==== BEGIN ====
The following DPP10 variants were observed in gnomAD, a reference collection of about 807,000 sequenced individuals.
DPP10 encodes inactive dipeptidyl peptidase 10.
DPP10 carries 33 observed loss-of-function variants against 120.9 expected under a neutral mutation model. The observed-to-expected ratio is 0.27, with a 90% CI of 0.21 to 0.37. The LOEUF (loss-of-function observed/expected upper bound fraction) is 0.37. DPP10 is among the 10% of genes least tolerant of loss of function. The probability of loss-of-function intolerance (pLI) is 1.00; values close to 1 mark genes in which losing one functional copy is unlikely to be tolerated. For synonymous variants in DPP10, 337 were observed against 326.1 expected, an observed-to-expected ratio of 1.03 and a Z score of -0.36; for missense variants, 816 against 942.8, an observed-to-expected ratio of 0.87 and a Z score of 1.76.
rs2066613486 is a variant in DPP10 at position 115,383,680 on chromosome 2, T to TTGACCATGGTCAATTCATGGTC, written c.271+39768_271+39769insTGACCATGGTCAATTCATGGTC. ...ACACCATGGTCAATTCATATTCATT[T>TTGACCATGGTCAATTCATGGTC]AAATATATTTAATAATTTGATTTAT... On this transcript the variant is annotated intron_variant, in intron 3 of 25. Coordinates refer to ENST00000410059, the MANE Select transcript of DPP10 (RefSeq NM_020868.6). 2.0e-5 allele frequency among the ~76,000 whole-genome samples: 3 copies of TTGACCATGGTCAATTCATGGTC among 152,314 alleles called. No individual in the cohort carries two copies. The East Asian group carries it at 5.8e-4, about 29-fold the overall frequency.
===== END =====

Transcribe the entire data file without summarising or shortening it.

The following DPP10 variants were observed in gnomAD, a reference collection of about 807,000 sequenced individuals.
DPP10 encodes inactive dipeptidyl peptidase 10.
DPP10 carries 33 observed loss-of-function variants against 120.9 expected under a neutral mutation model. The observed-to-expected ratio is 0.27, with a 90% CI of 0.21 to 0.37. The LOEUF (loss-of-function observed/expected upper bound fraction) is 0.37. DPP10 is among the 10% of genes least tolerant of loss of function. The probability of loss-of-function intolerance (pLI) is 1.00; values close to 1 mark genes in which losing one functional copy is unlikely to be tolerated. For synonymous variants in DPP10, 337 were observed against 326.1 expected, an observed-to-expected ratio of 1.03 and a Z score of -0.36; for missense variants, 816 against 942.8, an observed-to-expected ratio of 0.87 and a Z score of 1.76.
rs2066613486 is a variant in DPP10 at position 115,383,680 on chromosome 2, T to TTGACCATGGTCAATTCATGGTC, written c.271+39768_271+39769insTGACCATGGTCAATTCATGGTC. ...ACACCATGGTCAATTCATATTCATT[T>TTGACCATGGTCAATTCATGGTC]AAATATATTTAATAATTTGATTTAT... On this transcript the variant is annotated intron_variant, in intron 3 of 25. Coordinates refer to ENST00000410059, the MANE Select transcript of DPP10 (RefSeq NM_020868.6). 2.0e-5 allele frequency among the ~76,000 whole-genome samples: 3 copies of TTGACCATGGTCAATTCATGGTC among 152,314 alleles called. No individual in the cohort carries two copies. The East Asian group carries it at 5.8e-4, about 29-fold the overall frequency.